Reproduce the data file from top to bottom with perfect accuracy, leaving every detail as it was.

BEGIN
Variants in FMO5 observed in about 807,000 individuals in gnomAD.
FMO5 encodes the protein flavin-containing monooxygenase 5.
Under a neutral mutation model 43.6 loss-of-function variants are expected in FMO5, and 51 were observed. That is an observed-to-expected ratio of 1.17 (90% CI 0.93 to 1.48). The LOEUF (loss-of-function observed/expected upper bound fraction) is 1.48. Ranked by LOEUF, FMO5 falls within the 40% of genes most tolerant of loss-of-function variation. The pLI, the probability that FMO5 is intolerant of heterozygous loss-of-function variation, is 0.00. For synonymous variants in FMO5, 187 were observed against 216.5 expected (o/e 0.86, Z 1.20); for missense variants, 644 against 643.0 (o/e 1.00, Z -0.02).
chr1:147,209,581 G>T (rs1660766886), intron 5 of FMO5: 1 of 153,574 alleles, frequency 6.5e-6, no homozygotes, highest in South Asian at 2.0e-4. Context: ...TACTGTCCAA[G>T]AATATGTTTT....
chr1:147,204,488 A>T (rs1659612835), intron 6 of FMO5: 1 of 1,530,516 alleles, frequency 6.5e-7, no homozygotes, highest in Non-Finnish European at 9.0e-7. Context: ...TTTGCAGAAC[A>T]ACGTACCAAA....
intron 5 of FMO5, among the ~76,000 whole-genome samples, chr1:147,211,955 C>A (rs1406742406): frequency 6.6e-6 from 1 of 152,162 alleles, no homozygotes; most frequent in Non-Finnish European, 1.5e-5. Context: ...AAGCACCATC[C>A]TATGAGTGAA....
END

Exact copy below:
Variants in FMO5 observed in about 807,000 individuals in gnomAD.
FMO5 encodes the protein flavin-containing monooxygenase 5.
Under a neutral mutation model 43.6 loss-of-function variants are expected in FMO5, and 51 were observed. That is an observed-to-expected ratio of 1.17 (90% CI 0.93 to 1.48). The LOEUF (loss-of-function observed/expected upper bound fraction) is 1.48. Ranked by LOEUF, FMO5 falls within the 40% of genes most tolerant of loss-of-function variation. The pLI, the probability that FMO5 is intolerant of heterozygous loss-of-function variation, is 0.00. For synonymous variants in FMO5, 187 were observed against 216.5 expected (o/e 0.86, Z 1.20); for missense variants, 644 against 643.0 (o/e 1.00, Z -0.02).
chr1:147,209,581 G>T (rs1660766886), intron 5 of FMO5: 1 of 153,574 alleles, frequency 6.5e-6, no homozygotes, highest in South Asian at 2.0e-4. Context: ...TACTGTCCAA[G>T]AATATGTTTT....
chr1:147,204,488 A>T (rs1659612835), intron 6 of FMO5: 1 of 1,530,516 alleles, frequency 6.5e-7, no homozygotes, highest in Non-Finnish European at 9.0e-7. Context: ...TTTGCAGAAC[A>T]ACGTACCAAA....
intron 5 of FMO5, among the ~76,000 whole-genome samples, chr1:147,211,955 C>A (rs1406742406): frequency 6.6e-6 from 1 of 152,162 alleles, no homozygotes; most frequent in Non-Finnish European, 1.5e-5. Context: ...AAGCACCATC[C>A]TATGAGTGAA....